In fact, the Anglican Archbishop of Sydney, the Most Rev Peter Jensen, has gone so far as to say that human sexuality is correctly the issue at which Anglican churches should consider breaking fellowship.
But it is not just the Anglican Church torn apart by this controversy; the Presbyterian and Methodist churches are similarly afflicted.
Archbishop Jensen made his comments in an address to a conference of the evangelical Latimer Fellowship in Christchurch. His remarks, of course, did not receive a line in the daily press or - as far as I know - on television or radio.
So because I consider what he has to say is critically important - and not just to Christians - I give up my podium this week to the good archbishop so a summary of his remarks can receive wider circulation.
He said: "The biblical ideal of sexual relationships specifically excludes same-sex relationships. The biblical teaching makes this a matter of spiritual life and death. That is crystal clear from both the Old and New Testaments.
"I say with all solemnity to those who say the blessing of same-sex unions is okay, and who will ordain clergy living in same-sex unions: how can you do this when the souls of those involved are in peril?
"This is an enormously serious matter. And in the blessing of same-sex unions and the consecration or ordination of persons living in those relationships, we are saying to the community as a whole that these relationships have the blessing of God, when the scriptures say those who are in them are excluded from the kingdom of heaven.
"This lifestyle is spiritually perilous. Encouraging it is endangering the lives and eternal destiny of those involved, and it is inconsistent with the duties of a minister of God's word.
"This lifestyle is also unhealthy. I am astonished that the medical profession has not risen to a person and told us the truth and opposed it. The dereliction of duty of the medical profession is one of the most shameful parts of this whole thing."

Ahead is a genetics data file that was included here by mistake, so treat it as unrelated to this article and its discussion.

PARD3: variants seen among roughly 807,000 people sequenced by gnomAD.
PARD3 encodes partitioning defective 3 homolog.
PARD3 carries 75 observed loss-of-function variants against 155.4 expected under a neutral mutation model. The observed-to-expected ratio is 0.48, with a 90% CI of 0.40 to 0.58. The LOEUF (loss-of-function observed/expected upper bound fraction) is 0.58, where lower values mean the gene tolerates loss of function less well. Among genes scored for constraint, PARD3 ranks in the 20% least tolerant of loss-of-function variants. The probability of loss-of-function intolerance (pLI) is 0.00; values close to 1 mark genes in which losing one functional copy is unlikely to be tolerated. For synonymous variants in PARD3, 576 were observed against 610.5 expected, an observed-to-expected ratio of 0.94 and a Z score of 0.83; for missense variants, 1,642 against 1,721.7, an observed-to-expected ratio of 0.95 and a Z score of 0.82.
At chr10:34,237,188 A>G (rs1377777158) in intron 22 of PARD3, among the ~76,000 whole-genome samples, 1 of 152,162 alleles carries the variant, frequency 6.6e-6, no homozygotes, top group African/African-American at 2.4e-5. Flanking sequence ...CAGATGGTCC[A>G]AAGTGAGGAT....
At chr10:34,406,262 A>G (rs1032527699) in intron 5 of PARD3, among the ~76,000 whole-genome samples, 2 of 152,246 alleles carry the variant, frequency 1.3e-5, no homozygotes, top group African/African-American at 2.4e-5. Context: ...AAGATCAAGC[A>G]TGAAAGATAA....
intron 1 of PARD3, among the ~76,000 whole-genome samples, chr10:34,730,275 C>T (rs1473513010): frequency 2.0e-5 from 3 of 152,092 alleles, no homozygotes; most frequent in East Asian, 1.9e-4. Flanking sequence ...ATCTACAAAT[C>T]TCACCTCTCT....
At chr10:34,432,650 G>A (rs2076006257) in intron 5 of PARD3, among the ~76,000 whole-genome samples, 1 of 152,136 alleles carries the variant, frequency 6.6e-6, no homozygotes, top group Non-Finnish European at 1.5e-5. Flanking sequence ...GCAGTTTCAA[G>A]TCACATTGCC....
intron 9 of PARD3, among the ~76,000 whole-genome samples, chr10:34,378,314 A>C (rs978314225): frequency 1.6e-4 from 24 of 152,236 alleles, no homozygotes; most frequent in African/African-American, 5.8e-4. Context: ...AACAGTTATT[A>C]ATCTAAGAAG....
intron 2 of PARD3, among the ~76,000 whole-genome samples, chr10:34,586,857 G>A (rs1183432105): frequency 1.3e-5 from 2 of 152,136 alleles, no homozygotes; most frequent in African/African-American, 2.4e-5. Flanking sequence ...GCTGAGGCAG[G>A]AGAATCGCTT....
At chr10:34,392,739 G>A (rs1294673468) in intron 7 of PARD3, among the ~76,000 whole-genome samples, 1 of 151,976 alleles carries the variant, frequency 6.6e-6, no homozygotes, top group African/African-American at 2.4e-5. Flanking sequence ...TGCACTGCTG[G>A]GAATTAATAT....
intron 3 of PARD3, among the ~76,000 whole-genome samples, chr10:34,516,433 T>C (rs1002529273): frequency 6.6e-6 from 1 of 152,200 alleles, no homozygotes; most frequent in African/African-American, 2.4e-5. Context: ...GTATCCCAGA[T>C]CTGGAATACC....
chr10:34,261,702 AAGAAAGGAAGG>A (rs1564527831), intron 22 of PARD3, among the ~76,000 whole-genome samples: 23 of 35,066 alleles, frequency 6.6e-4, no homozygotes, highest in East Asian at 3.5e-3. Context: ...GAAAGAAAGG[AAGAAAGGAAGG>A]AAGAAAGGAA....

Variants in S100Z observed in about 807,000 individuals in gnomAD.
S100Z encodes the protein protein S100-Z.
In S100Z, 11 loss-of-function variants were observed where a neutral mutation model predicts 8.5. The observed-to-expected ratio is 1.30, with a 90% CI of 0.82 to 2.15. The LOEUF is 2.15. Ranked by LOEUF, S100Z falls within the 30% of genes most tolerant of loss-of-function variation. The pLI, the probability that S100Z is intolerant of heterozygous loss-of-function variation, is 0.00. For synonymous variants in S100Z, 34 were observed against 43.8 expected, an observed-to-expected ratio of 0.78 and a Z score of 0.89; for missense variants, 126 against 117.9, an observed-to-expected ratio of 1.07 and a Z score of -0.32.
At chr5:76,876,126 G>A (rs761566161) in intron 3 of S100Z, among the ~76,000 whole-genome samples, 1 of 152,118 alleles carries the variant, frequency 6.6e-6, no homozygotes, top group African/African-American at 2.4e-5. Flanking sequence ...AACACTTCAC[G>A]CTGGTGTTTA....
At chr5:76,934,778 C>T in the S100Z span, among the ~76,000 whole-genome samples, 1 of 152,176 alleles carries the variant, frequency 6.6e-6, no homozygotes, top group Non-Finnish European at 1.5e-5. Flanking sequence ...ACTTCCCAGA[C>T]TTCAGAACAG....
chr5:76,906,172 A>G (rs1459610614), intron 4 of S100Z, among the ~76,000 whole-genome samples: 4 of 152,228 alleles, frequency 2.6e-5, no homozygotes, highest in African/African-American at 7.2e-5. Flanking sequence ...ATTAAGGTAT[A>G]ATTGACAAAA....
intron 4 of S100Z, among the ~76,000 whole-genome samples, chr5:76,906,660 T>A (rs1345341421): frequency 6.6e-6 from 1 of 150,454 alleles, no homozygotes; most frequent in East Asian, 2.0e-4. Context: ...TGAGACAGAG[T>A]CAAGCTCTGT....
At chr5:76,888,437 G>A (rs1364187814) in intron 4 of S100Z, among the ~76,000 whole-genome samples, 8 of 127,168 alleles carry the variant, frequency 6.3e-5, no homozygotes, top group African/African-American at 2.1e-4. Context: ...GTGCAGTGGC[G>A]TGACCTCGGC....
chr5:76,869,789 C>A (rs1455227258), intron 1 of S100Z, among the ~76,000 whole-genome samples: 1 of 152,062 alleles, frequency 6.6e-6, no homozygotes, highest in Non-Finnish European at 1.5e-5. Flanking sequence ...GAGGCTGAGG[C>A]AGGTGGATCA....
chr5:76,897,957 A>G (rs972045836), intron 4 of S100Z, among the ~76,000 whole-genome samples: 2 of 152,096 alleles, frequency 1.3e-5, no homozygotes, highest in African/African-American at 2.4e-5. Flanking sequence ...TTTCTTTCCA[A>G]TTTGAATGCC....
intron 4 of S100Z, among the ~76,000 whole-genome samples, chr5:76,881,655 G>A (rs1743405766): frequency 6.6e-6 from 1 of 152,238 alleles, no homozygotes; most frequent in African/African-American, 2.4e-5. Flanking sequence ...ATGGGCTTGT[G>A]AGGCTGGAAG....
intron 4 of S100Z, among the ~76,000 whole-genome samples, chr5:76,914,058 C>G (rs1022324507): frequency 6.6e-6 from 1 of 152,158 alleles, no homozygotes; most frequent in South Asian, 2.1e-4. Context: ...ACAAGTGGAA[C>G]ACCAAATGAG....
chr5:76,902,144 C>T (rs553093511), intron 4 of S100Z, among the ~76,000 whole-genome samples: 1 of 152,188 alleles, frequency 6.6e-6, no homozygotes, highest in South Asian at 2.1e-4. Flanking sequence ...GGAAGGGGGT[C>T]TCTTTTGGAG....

Archbishop Jensen said the whole sexual revolution - and not just the homosexual part of it - was anti-human and dehumanising.
"What the Bible teaches us about the right way to live is profoundly humanistic - it's very good for us. It's very obvious that it's true but we seem to be so wimpish about saying it, as though somehow the secular world has it all right."
The advocates of same-sex blessings and ordinations had been rather surprised at the response in the churches, said Archbishop Jensen.
"It might be that having seen that women's ordination has come relatively painlessly, they thought this development would be accepted widely as well.
"It is also the case that the higher leadership of many of the churches has been more liberal in theology than the people in the pews. The bureaucracy has been ahead of the pew.
"Of course, the cultural flow is with them. The roar of approval of sex outside marriage has been quite deafening. The theological appeal to tolerance, to rights, to justice, to individual liberty have all had the approval of the cultural elites of the Western world.
"And if you're a church leader and you mix with the cultural elites, as you listen to your mates they all say, 'Good on you, wonderful'.
"Editorials in newspapers will praise you for doing this.
"The person in the pew might think rather differently. But any opposition to theological liberalism is easily labelled with the dreaded words 'homophobic' and 'fundamentalist'."
The fact was, said Archbishop Jensen, that human sexuality was immensely important to our sense of self and it touched on the authority of scripture in a profound way.
"There is a very considerable group of people saying that this is the point where we must make a stand. If we are not prepared to stand here, we will stand nowhere.
"Defending such doctrines as the uniqueness of Christ will prove impossible - the culture will see to that, and the church has developed a habit of succumbing."
Archbishop Jensen said it was important to note that the belief that the practice of homosexuality was wrong was virtually the unanimous verdict of Christians in space and time.
"It is weird that modern Western culture so easily trumps theology in the church, and particularly in a church which has apparently always respected tradition.
"It is part of the propaganda war to label those who take my point of view as obsessed, homophobic, fanatical, negative, fundamentalist, divisive and puritan ...
"But it is one thing for those responsible to take no action when the law is broken; it is another thing when a diocese or church adopts a policy which is contrary to scripture and which touches a matter of salvation.
"When such things occur at an official level, and I am part of the institution, then I am involved whether I like it or not."
Archbishop Jensen said such developments had been some time coming, and protests should have been made long before to serve as a warning that "what we see coming towards us constitutes a schismatic offence".
"Dioceses and bishops around the world have to realise an official endorsement of sex outside marriage - heterosexual or homosexual - will lead to disturbances and problems within their church.
"Evangelicals and many others will not be able to acquiesce as a matter of conscience. There will be permanent disruption in the affairs of the church - I believe it will become ungovernable if people persist."
The archbishop has the right of it - mark my words.